This post is sponsored by KinderCare. As always all thoughts and opinions are 100% my own.
1. Teach your child manners.
For of course school, but more importantly life your child needs to learn manners. Teach them interrupting is not polite, use the words please and thank you and show them why it’s important to be kind and helpful.
2. Make at home educational experiences relatable and fun.
The more you can use relatable things to teach your child new concepts the more engaged they will be and the less it feels like “work”. Show your child early on that learning is fun. I have a super cute example for you guys. Right now we are getting closer and closer to Halloween so spooky spiders and pumpkins are what I used to work on exposing Izzy to measurement.
First I cut out a big and small pumpkin. Then we used halloween spiders as a form of measurement. We talked about which pumpkin was big and which was small. Then we guessed which would be longer and which would be shorter. Then I let Izzy line the spiders up across the pumpkin and we counted how many went across each one. After this I wrote down the answers and we discussed which number was bigger and which was smaller. Ultimately she was exposed to a new form of measurement other than a measuring tape or ruler. During this activity she was exposed to the concepts measuring, big/small, longer/shorter & more/less. This activity can be recreated no matter the season with things you may be discussing or relatable to an experience your child recently had. i.e. If you just went to the aquarium, you could cut out fish and measure them with pretend fish scales using buttons.
After we measured the pumpkins and discussed big/small and which fit more/less spiders, Izzy decorated one pumpkin and worked on writing her name on the other.
3. Encourage mature language and self help skills.
Self help skills include cleaning up after themselves, dressing themselves and using the bathroom independently. I have always worked with Izzy on her independence. It does take more time at first, however all that hard work will pay off as they begin to do things on their own, without your help. I typically gave Izzy hand over hand support. i.e. When dressing I would place Izzy’s hands on her pants and put mine on top of hers so she felt the motion and she the steps needed to get her pants on. I also have items such as step stools in the bathrooms so she can reach the sink on her own and therefore wash her hands independently. Speaking in full sentences is an important routine for your child to be in. When your child speaks with you, be sure they are using full sentences. I know all about those one to a few word responses, or questions and the infamous whining noises. Repeat to your child the full sentence you think they are wanting to say or if whining remind them, use your words. i.e. Child: “Cookie, please.” Adult: “I love how you used the magic word please. I want to hear a full sentence like this. Mom, can I have a cookie please.” Then have your child repeat it back to you.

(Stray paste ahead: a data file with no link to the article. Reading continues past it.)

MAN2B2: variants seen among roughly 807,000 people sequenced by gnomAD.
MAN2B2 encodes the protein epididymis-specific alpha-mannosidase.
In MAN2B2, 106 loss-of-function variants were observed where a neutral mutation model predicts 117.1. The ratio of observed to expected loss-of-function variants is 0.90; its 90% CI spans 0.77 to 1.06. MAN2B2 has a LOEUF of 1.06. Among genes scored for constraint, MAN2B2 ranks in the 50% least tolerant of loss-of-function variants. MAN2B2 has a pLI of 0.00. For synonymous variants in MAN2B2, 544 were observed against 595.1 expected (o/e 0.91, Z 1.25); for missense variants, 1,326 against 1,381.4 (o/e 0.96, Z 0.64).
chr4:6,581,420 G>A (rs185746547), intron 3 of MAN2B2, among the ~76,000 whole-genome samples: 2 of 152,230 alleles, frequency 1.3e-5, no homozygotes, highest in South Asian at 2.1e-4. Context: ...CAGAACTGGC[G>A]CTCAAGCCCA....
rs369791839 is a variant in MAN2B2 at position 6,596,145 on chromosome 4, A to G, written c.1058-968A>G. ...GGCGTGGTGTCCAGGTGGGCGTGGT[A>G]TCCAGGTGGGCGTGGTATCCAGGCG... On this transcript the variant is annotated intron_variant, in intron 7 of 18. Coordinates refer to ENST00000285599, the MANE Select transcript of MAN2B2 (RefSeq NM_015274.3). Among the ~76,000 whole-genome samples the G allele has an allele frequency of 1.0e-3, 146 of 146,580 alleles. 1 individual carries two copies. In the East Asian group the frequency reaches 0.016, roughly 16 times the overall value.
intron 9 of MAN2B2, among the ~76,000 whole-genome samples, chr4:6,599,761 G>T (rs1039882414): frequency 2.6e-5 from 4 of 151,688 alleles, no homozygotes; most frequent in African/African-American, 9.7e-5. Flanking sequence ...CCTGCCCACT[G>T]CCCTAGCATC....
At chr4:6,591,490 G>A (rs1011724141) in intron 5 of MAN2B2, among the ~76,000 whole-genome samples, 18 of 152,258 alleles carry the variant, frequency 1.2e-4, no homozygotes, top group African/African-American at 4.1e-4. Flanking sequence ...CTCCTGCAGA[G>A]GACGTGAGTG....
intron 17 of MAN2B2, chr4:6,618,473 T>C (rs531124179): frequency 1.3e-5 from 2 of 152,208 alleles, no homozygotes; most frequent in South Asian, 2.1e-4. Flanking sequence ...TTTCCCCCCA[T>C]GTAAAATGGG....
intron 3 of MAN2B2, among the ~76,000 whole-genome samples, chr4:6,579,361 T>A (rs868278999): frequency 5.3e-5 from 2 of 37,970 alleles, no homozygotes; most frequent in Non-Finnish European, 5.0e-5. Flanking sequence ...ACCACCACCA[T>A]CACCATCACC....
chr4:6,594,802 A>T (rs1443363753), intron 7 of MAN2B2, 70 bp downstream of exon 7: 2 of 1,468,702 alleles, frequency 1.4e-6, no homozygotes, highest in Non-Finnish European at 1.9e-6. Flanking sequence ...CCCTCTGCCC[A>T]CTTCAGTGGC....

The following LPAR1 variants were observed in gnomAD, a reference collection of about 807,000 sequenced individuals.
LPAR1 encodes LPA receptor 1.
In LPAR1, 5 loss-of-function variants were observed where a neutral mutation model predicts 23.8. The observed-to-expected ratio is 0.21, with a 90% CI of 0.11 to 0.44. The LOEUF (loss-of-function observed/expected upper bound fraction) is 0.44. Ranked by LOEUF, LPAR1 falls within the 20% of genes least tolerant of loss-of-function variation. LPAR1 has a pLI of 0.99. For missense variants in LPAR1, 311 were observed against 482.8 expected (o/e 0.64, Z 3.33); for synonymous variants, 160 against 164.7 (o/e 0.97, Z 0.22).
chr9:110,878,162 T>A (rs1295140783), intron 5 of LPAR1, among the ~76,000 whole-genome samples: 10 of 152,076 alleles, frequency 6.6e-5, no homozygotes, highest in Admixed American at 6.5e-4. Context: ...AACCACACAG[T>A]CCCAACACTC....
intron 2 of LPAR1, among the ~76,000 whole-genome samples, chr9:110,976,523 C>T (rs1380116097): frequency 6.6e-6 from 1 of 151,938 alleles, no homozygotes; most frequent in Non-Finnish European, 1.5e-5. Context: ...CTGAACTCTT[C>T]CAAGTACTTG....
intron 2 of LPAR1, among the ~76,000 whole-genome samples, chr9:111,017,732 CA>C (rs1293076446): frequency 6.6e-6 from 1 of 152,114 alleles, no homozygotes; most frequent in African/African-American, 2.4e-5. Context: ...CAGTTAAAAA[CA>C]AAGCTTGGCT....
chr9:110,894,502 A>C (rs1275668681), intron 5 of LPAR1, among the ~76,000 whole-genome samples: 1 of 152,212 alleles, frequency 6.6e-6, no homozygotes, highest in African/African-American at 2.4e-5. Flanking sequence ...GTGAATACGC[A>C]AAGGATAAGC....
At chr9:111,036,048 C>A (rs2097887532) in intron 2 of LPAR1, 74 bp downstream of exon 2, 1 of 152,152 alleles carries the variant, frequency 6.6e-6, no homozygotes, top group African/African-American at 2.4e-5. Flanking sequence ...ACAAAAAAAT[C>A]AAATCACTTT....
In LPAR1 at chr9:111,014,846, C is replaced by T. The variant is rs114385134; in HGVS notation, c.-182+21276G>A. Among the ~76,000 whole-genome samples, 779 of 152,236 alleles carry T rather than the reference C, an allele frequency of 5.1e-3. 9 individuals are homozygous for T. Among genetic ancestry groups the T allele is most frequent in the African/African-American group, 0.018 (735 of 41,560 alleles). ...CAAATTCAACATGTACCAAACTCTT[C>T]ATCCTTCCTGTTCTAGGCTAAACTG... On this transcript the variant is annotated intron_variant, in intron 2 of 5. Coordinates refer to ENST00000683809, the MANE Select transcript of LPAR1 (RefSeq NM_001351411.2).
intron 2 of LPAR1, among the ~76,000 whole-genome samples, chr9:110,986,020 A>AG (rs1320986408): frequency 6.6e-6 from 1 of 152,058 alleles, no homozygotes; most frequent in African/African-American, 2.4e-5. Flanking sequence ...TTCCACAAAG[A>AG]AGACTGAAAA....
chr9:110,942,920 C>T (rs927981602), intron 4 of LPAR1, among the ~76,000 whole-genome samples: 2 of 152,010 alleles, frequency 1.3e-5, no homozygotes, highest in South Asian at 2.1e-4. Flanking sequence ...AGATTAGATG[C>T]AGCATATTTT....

4. Place your child in childcare with verified research to positively impact your child’s learning.
KinderCare has just these results! The TerraNova and Brigance results are in and they are amazing! Did you know the longer kids stay enrolled in KinderCare, the better prepared they are. Results show children enrolled in KinderCare for a year or more will see large improvements in their development compared to what’s expected. Actually studies show that even just a few months with KinderCare makes a difference. Research also verifies kids are showing up to Kindergarten with first grade confidence and the academic skills they need to succeed in school. You may not know this but children with higher levels of school readiness at age five are generally more successful in grade school. This decreases their chances or dropping out of high school, and increases their chances of earning more as adults.
“Beyond teaching young children the developmental and social skills they need for general success, the TerraNova results prove that KinderCare Education helps students show up to kindergarten and first grade confident they have the academic skills needed to flourish,” said Wei-Li Chong, President of KinderCare Learning Centers and KinderCare Education at Work.
5. Make sure you read, read, read!
I know if you are working full time you may not have a lot of time at night with your child during the week. Add reading 2 books every night before bed to the routine. It’s important for your child to learn early literacy skills such as the letters on the pages make words that we can read, we read left to right and books can give us knew knowledge and/or just contain fun fictional stories.
I hope these few steps help you feel more prepared for how to help and encourage your child flourish in school and ultimately life.